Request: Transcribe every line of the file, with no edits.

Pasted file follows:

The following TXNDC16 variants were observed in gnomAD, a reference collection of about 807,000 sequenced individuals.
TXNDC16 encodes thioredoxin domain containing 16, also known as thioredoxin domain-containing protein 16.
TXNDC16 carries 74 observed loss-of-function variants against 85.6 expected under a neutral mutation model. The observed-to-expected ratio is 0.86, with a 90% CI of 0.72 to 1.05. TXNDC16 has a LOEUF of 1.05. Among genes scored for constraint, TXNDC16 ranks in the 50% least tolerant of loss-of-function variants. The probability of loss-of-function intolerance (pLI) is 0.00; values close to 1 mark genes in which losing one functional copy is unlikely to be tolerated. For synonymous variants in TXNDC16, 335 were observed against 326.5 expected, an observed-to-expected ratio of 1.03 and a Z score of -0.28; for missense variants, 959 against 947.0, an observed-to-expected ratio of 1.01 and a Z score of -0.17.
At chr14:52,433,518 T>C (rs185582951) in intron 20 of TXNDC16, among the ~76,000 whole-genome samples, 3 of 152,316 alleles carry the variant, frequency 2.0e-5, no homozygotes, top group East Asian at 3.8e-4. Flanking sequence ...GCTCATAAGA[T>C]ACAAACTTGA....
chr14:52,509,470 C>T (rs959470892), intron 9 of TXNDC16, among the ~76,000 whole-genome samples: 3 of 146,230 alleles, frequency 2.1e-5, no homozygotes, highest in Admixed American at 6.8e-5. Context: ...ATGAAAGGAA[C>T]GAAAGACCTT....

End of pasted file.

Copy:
The following TXNDC16 variants were observed in gnomAD, a reference collection of about 807,000 sequenced individuals.
TXNDC16 encodes thioredoxin domain containing 16, also known as thioredoxin domain-containing protein 16.
TXNDC16 carries 74 observed loss-of-function variants against 85.6 expected under a neutral mutation model. The observed-to-expected ratio is 0.86, with a 90% CI of 0.72 to 1.05. TXNDC16 has a LOEUF of 1.05. Among genes scored for constraint, TXNDC16 ranks in the 50% least tolerant of loss-of-function variants. The probability of loss-of-function intolerance (pLI) is 0.00; values close to 1 mark genes in which losing one functional copy is unlikely to be tolerated. For synonymous variants in TXNDC16, 335 were observed against 326.5 expected, an observed-to-expected ratio of 1.03 and a Z score of -0.28; for missense variants, 959 against 947.0, an observed-to-expected ratio of 1.01 and a Z score of -0.17.
At chr14:52,433,518 T>C (rs185582951) in intron 20 of TXNDC16, among the ~76,000 whole-genome samples, 3 of 152,316 alleles carry the variant, frequency 2.0e-5, no homozygotes, top group East Asian at 3.8e-4. Flanking sequence ...GCTCATAAGA[T>C]ACAAACTTGA....
chr14:52,509,470 C>T (rs959470892), intron 9 of TXNDC16, among the ~76,000 whole-genome samples: 3 of 146,230 alleles, frequency 2.1e-5, no homozygotes, highest in Admixed American at 6.8e-5. Context: ...ATGAAAGGAA[C>T]GAAAGACCTT....